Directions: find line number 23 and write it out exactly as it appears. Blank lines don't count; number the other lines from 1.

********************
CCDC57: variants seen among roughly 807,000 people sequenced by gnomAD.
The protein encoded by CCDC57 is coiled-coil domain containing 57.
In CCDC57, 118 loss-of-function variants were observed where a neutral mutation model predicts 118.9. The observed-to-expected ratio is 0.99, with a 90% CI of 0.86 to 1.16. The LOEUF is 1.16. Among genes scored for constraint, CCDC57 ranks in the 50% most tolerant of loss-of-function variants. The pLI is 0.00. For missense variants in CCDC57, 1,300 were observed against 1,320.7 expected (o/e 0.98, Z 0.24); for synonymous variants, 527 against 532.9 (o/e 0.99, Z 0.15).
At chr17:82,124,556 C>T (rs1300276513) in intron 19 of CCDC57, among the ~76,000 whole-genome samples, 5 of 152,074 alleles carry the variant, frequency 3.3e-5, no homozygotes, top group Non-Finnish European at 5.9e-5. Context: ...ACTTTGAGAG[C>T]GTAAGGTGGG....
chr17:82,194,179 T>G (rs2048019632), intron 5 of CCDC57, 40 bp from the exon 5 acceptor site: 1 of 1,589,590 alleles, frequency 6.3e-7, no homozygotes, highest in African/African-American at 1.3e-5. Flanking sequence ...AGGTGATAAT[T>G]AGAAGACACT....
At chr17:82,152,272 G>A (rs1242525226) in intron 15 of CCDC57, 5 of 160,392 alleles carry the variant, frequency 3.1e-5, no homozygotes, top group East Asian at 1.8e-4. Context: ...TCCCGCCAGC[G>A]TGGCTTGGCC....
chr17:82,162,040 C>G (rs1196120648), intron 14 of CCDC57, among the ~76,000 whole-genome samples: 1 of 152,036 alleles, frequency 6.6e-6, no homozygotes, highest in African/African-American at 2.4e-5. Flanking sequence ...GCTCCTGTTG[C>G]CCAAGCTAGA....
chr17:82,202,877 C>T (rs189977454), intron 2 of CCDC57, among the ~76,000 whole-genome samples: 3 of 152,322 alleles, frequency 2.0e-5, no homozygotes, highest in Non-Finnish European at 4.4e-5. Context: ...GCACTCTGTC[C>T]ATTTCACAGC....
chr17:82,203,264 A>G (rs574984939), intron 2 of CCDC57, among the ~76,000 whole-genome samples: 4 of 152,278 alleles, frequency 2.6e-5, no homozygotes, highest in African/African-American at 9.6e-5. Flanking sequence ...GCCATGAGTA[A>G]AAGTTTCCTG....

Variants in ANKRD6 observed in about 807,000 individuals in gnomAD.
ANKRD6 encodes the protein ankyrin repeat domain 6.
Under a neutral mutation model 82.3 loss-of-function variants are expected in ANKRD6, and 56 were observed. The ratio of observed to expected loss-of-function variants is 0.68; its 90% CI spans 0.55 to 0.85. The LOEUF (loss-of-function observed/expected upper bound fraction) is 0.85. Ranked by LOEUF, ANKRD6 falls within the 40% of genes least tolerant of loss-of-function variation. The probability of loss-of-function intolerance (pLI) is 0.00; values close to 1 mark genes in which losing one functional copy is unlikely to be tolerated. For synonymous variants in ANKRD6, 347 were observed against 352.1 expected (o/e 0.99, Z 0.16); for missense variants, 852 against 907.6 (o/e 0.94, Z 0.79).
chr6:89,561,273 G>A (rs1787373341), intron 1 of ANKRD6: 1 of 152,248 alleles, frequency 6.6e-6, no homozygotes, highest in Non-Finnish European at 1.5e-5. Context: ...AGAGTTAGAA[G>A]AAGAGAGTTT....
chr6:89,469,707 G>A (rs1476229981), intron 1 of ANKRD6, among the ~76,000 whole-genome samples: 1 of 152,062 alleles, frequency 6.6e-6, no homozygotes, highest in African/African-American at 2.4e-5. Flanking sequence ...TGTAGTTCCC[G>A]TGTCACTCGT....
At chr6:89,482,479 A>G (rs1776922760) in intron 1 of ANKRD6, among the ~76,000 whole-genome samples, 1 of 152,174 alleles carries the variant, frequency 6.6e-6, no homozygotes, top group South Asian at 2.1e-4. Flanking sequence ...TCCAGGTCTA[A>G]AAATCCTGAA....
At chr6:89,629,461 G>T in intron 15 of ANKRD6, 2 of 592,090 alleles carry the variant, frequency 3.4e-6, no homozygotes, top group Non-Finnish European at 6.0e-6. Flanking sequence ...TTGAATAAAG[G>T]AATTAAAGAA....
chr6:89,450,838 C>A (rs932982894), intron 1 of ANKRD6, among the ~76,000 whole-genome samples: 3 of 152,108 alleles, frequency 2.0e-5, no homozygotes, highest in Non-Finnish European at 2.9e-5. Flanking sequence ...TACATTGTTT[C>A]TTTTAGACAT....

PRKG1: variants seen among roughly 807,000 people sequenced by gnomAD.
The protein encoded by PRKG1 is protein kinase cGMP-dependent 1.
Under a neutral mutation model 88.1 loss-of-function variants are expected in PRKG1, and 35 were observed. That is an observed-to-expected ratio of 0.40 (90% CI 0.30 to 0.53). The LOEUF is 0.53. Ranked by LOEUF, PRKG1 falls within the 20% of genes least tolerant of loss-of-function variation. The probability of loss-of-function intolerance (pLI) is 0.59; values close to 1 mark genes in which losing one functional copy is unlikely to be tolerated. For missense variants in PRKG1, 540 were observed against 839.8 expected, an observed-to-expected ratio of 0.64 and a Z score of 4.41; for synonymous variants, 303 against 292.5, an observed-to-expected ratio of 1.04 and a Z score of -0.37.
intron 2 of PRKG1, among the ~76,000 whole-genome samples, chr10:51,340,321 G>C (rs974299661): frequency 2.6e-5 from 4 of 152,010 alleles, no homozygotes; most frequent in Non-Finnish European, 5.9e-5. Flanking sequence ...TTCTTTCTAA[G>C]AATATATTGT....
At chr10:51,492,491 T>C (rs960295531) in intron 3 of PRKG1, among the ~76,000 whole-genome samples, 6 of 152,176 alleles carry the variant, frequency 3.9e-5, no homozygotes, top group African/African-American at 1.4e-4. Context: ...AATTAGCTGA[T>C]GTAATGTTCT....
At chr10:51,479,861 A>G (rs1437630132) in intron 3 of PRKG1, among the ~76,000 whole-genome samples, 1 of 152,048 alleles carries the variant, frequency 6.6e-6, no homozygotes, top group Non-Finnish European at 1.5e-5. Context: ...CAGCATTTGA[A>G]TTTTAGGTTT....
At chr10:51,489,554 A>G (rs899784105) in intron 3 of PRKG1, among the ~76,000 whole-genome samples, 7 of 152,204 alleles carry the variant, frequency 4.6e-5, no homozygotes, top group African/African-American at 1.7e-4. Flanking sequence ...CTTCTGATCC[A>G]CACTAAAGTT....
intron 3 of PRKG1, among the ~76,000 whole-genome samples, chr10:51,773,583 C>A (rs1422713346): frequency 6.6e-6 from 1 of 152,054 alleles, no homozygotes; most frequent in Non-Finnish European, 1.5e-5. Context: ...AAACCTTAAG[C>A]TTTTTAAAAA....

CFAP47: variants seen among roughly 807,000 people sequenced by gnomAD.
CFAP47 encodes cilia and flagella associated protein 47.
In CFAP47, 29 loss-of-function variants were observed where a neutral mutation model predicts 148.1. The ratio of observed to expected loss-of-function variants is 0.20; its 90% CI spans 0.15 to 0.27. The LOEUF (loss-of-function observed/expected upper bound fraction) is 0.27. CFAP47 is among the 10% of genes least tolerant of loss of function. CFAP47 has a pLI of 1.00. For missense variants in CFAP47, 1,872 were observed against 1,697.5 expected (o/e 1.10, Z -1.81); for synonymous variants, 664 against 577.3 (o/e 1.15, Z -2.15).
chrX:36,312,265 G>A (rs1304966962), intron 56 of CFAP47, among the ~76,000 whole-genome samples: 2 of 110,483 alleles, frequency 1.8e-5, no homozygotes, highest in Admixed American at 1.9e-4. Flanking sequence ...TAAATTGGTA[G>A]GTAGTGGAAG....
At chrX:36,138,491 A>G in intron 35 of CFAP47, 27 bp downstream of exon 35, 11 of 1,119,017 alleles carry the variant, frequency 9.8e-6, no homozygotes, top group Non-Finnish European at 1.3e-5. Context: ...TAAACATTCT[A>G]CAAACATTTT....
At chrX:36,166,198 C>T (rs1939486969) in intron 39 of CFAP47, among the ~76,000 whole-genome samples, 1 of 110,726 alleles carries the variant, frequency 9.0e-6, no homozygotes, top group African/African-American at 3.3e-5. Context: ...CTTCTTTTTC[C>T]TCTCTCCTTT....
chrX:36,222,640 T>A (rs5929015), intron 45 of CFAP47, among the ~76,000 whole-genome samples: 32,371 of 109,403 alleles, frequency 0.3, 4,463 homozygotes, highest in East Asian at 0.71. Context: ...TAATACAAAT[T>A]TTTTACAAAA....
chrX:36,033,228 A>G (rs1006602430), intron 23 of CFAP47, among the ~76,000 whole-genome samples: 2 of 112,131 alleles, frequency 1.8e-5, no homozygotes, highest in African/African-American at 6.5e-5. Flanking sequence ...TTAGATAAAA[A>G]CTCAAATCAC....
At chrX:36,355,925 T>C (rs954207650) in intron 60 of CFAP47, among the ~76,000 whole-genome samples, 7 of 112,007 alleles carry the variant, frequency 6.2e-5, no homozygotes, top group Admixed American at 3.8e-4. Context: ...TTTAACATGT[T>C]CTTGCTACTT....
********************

At chr10:51,479,861 A>G (rs1437630132) in intron 3 of PRKG1, among the ~76,000 whole-genome samples, 1 of 152,048 alleles carries the variant, frequency 6.6e-6, no homozygotes, top group Non-Finnish European at 1.5e-5. Context: ...CAGCATTTGA[A>G]TTTTAGGTTT....